As part of my procedure for back-testing, I validate the data before using it. One of the validation steps is to check for unusually large daily changes in the raw close. Here I explore the extreme value distribution and its role in data validation protocols for systematic trading system design.
This post is part of a series including:
- Garbage In => Garbage Out
- Creating Good Price Series
- Data Validation
- This post
- Some additional protocols.
The changes on rollover days form a sub-set of daily changes – obviously they have the potential to be substantially different from regular daily changes.
Daily price changes are not normally distributed; typically log-normal is used. Even so, in a series of 4,000 daily price changes, there will often be several 4-sigma deviations (which should only happen less than 1 in 10,000 times).
Can the Generalized Extreme Value Distribution (GEV) help?
Wikipedia has a good page on this topic and there are several sets of lecture notes available on the web to help out.
This distribution is a model for the extremes in the data. For example, in a month of log price changes, there will be two extremes: a maximum and a minimum. Next month there will be another maximum and a minimum. These monthly maxima and minima form two new data sets. The analyst can attempt to fit the GEV to each subset of extrema.
The cumulative distribution function:
μ is the “location” parameter – (not the mean)
σ > 0 is the “scale” parameter – (not the standard deviation)
ξ is the “shape” parameter
The shape parameter ( ξ = 0, ξ > 0, ξ < 0 ) divides up the GEV into “families” of distributions (Gumbel, Frechet, Weibull). The choice is driven by the shape of the underlying distributions of the data from which the extrema were derived. Consider, for example, mean time between failures in electronic devices which tend to fail early or not at all versus failure rates in mechanical devices which increase over time as a result of fatigue.
I put together a spreadsheet to noodle around with the distributions to see how they work – I will make it available upon request. To get a feel for the distribution it is most informative to look at the probability density function:
The following are some charts produced in R using the EVD package examining a distribution for maxima:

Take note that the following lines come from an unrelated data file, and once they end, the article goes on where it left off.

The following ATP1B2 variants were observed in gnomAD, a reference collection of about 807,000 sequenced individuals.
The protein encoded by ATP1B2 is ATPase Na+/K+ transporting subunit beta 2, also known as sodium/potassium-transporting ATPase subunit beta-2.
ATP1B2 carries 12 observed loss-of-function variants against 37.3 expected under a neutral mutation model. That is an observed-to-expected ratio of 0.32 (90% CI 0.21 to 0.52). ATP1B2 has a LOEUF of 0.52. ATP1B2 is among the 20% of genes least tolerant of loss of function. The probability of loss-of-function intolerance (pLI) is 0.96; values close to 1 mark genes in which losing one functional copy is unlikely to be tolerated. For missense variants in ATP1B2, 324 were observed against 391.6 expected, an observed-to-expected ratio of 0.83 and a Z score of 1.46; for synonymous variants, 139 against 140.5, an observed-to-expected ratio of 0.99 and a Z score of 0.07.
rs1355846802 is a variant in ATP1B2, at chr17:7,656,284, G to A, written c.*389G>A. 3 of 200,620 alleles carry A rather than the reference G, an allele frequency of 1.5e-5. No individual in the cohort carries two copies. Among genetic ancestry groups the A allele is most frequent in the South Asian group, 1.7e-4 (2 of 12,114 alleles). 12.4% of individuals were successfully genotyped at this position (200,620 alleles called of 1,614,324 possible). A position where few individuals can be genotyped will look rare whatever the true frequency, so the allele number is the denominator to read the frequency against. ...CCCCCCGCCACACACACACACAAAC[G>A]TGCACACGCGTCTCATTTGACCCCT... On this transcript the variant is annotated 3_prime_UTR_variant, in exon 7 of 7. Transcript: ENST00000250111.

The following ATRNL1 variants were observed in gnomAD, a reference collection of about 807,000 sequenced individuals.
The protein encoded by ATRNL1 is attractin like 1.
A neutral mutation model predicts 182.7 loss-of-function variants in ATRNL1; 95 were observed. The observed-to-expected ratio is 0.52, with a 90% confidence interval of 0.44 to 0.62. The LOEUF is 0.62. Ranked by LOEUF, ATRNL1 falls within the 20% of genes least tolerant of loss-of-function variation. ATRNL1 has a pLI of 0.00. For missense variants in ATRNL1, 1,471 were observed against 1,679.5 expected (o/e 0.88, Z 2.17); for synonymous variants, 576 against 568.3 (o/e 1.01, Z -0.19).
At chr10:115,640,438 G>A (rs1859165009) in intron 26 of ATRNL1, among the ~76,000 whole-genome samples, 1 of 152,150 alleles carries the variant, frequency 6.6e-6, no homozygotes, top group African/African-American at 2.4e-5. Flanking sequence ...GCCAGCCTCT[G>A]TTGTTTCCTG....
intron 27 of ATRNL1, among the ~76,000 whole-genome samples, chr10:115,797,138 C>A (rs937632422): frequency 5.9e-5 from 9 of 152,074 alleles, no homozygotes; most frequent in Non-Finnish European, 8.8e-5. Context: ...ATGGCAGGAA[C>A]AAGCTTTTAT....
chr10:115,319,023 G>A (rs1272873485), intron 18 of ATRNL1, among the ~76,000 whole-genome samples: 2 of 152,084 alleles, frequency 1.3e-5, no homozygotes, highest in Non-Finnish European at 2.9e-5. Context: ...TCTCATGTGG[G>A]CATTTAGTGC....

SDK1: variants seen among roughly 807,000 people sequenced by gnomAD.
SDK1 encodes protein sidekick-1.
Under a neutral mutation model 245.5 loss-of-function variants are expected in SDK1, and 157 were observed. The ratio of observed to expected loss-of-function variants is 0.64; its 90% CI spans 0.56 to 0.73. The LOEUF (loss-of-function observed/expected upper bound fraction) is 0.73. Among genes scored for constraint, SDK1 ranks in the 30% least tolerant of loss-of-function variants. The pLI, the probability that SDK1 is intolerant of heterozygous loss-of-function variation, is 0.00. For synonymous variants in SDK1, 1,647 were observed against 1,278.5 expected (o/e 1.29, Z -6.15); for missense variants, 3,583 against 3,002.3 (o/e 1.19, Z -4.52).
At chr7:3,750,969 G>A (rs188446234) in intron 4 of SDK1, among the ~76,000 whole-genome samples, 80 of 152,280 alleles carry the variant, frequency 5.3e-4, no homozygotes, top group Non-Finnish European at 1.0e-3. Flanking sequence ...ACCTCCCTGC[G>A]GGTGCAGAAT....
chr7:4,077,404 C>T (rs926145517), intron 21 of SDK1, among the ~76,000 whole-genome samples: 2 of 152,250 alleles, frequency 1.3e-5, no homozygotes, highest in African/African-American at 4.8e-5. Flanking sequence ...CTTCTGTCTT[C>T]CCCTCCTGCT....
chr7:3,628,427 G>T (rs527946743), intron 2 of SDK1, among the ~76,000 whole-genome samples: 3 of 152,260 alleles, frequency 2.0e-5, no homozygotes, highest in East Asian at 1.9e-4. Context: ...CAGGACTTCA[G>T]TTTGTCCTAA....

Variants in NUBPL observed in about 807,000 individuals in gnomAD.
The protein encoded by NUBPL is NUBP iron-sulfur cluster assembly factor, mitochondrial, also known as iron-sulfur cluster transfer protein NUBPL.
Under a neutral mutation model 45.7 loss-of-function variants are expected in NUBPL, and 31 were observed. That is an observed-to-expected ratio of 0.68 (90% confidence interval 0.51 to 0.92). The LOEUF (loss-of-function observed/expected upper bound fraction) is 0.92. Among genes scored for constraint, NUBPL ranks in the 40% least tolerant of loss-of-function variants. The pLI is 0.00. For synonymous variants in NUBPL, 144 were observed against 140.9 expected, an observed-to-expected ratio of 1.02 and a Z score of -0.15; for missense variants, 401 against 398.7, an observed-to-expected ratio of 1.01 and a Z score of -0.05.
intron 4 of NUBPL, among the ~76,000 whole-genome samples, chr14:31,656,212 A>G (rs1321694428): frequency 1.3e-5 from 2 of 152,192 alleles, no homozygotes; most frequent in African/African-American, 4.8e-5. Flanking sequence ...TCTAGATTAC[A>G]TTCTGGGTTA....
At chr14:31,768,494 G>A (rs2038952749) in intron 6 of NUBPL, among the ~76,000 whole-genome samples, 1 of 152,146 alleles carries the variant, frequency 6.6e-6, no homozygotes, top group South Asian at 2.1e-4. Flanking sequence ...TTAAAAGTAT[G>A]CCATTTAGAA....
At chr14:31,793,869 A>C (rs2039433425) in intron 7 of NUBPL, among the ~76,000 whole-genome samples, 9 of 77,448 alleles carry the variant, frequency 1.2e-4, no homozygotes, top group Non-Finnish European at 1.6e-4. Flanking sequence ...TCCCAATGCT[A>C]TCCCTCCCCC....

Gumbel Distribution I
This is the Gumbel distribution (xi = 0) varying the location parameter. The distribution simply moves left or right without changing in any other way. For a distribution of minima, imagine a mirror image about the location parameter. Note that the distribution has a positive (right) skew.
Gumbel Distribution II
This is also the Gumbel distribution but the scale parameter is varied. The “mode” of the pdf is unchanged. The larger the scale, the more spread out along the x-axis the pdf becomes. The shape of the pdf is still unchanged, it is simply stretched or compressed.
This is a Weibull distribution (xi < 0). It starts out skewed right and ends up skewed left. All the pdf’s have the same value when x = μ.
This is the type of distribution found with fatigue-type failures in physical systems. It is also what I found when examining monthly maxima and minima in log daily price changes (xi in the range 0 to -.5).
Finally, this is the Frechet distribution (xi > 0 ). All the pdf’s have the same value when x = μ. A point of interest: for xi > 1, the distribution has no mean, and for xi > 1/2, it has no variance!
This is the type of distribution found in failures in electronic components.
So how is this all used in data validation? I create a data set of the monthly maxima and minima for each price series (approx. 15 years 12 months/year gives 180 maxima and 180 minima for each series). For each price series, I use the EVD package (function: fgev) to fit the extreme value distribution to the data i.e. calculate the three parameters: μ, σ, ξ for the distributions of maxima and minima. I then calculate the probability, for every log daily price change, that it could have come from this distribution using the cumulative density function (Function: dgev). I then flag any values that should have occurred less than once in a dataset of the size used to generate the distribution (if there were 180 maxima in the original data then I look for P(maxima >= x) < 1/180).
Unfortunately, there is no way to apply a similar approach to rollovers as there are too few data points. Which brings up an interesting issue: how big a sample should I draw my maxima and minima from? Is monthly ok (samples of 20 or so) or can I go even smaller? How about 1?
The end result: I flag far fewer data points at much greater extremes than using the normal distribution. This means I am more likely to catch a real problem.
Final comment: I am hopeful I can apply this approach to other aspects of system design such as extremes in length of streaks, size of wins and losses, equity draw-downs, etc.